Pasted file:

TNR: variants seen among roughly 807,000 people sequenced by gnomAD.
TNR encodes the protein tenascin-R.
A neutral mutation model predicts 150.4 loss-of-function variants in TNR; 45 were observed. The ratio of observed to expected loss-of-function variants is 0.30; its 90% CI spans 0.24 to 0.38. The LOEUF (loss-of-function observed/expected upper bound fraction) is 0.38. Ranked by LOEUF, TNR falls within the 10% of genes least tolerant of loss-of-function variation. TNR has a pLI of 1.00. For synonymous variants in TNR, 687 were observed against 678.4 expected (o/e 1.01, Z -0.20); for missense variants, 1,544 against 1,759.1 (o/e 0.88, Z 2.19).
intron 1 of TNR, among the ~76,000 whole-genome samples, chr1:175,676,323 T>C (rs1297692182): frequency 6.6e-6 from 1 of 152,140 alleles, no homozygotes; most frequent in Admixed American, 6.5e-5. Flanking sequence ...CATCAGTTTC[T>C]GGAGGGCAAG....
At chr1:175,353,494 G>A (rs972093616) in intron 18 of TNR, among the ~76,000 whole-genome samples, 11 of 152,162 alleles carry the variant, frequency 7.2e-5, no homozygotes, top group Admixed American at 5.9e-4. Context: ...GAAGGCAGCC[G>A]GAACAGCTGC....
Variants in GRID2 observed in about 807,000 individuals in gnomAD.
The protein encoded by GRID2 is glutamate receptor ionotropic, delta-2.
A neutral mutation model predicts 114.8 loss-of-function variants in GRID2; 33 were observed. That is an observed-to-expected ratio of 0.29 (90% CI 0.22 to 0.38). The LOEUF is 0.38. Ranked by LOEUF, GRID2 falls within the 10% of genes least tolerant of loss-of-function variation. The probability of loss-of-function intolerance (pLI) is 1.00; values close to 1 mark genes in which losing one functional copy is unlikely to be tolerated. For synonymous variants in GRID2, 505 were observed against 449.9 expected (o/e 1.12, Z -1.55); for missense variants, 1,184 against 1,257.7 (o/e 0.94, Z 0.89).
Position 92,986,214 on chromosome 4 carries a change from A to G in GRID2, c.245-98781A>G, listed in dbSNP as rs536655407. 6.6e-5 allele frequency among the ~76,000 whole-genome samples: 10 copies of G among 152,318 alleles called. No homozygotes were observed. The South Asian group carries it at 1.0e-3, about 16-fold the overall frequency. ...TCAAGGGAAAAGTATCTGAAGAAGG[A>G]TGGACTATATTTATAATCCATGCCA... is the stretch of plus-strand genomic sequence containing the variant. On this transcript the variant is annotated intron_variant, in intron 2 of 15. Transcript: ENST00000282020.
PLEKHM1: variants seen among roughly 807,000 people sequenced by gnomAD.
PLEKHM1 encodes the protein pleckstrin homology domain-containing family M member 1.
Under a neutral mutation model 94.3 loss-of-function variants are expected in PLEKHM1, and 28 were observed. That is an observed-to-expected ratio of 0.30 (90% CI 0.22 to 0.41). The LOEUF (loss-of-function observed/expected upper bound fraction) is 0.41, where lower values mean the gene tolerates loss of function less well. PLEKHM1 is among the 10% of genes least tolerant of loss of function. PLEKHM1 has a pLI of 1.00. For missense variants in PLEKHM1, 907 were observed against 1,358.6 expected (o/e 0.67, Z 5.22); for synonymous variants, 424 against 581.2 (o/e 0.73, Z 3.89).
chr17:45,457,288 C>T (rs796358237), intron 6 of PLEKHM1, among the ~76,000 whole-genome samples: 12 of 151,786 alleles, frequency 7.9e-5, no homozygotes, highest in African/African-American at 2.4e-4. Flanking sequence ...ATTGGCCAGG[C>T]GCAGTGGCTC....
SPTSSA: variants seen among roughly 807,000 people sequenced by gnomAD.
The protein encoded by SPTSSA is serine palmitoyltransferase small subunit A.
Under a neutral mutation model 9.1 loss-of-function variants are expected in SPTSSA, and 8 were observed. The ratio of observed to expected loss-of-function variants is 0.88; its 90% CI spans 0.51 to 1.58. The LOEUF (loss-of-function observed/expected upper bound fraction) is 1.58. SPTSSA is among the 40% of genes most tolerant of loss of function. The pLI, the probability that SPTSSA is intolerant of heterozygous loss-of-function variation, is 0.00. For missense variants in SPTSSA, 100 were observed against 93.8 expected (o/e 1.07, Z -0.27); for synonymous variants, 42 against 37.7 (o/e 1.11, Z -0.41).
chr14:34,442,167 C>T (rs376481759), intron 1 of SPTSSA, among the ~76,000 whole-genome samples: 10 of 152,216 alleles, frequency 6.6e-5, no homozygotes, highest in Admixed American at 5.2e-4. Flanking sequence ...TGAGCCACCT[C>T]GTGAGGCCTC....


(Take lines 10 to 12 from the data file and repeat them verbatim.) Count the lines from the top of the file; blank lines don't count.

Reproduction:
PLEKHM1: variants seen among roughly 807,000 people sequenced by gnomAD.
PLEKHM1 encodes the protein pleckstrin homology domain-containing family M member 1.
Under a neutral mutation model 94.3 loss-of-function variants are expected in PLEKHM1, and 28 were observed. That is an observed-to-expected ratio of 0.30 (90% CI 0.22 to 0.41). The LOEUF (loss-of-function observed/expected upper bound fraction) is 0.41, where lower values mean the gene tolerates loss of function less well. PLEKHM1 is among the 10% of genes least tolerant of loss of function. PLEKHM1 has a pLI of 1.00. For missense variants in PLEKHM1, 907 were observed against 1,358.6 expected (o/e 0.67, Z 5.22); for synonymous variants, 424 against 581.2 (o/e 0.73, Z 3.89).